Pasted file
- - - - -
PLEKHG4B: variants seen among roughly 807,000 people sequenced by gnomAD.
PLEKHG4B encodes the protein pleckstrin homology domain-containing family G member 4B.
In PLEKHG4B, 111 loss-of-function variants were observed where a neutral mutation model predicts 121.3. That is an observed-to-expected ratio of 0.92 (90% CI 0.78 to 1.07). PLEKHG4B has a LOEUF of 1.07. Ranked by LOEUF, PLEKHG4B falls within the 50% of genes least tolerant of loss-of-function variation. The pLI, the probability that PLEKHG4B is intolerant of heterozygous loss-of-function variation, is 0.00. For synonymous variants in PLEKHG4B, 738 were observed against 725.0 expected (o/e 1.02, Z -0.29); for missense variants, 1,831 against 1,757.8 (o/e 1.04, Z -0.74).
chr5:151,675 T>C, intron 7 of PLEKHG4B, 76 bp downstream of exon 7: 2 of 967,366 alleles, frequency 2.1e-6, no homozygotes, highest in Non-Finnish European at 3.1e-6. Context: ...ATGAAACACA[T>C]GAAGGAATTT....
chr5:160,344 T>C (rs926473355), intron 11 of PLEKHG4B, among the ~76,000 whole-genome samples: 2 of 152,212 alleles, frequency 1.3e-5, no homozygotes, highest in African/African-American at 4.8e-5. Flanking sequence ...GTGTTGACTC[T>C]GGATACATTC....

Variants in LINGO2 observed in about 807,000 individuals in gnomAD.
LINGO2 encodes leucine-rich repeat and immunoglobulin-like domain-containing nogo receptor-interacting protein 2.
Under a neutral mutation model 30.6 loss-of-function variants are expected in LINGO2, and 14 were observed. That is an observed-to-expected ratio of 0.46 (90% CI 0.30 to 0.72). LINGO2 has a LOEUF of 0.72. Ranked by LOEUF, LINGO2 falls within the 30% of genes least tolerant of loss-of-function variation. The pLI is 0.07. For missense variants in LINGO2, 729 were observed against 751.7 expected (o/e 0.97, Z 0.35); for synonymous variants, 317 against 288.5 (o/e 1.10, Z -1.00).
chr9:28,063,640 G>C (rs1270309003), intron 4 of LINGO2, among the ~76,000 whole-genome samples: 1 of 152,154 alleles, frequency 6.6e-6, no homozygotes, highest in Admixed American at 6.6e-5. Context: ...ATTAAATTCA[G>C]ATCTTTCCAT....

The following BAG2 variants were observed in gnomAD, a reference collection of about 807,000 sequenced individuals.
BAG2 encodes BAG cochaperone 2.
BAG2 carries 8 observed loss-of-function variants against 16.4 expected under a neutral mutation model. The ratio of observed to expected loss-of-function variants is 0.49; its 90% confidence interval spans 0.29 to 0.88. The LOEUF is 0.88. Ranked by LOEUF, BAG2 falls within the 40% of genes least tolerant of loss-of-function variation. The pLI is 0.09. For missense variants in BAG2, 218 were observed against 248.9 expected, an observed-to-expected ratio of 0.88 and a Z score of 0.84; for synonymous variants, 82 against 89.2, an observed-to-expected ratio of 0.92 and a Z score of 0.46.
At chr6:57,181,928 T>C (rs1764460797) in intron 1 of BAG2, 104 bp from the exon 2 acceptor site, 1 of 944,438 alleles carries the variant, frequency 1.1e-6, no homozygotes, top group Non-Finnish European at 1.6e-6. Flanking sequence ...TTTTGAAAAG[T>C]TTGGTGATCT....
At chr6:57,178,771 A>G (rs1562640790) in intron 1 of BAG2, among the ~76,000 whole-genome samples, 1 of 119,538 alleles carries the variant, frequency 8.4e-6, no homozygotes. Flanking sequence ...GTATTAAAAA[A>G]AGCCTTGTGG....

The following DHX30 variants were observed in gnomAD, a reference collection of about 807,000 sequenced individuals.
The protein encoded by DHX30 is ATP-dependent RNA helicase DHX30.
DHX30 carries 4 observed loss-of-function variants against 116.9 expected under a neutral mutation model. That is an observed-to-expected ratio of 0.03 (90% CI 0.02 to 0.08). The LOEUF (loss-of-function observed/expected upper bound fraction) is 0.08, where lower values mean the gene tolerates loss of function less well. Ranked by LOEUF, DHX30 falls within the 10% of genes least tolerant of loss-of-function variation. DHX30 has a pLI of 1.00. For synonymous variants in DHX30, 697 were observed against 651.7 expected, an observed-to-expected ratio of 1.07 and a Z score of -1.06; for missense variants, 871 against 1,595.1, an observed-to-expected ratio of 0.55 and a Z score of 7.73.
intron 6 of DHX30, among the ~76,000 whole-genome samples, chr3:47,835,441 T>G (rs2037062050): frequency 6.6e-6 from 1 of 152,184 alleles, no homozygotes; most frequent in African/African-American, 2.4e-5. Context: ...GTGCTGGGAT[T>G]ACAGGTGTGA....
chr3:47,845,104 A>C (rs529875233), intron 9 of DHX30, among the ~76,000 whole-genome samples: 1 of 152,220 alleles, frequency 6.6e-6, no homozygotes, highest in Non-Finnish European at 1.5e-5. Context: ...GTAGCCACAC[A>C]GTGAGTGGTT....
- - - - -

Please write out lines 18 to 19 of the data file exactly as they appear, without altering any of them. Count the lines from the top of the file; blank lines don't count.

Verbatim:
intron 6 of DHX30, among the ~76,000 whole-genome samples, chr3:47,835,441 T>G (rs2037062050): frequency 6.6e-6 from 1 of 152,184 alleles, no homozygotes; most frequent in African/African-American, 2.4e-5. Context: ...GTGCTGGGAT[T>G]ACAGGTGTGA....
chr3:47,845,104 A>C (rs529875233), intron 9 of DHX30, among the ~76,000 whole-genome samples: 1 of 152,220 alleles, frequency 6.6e-6, no homozygotes, highest in Non-Finnish European at 1.5e-5. Context: ...GTAGCCACAC[A>C]GTGAGTGGTT....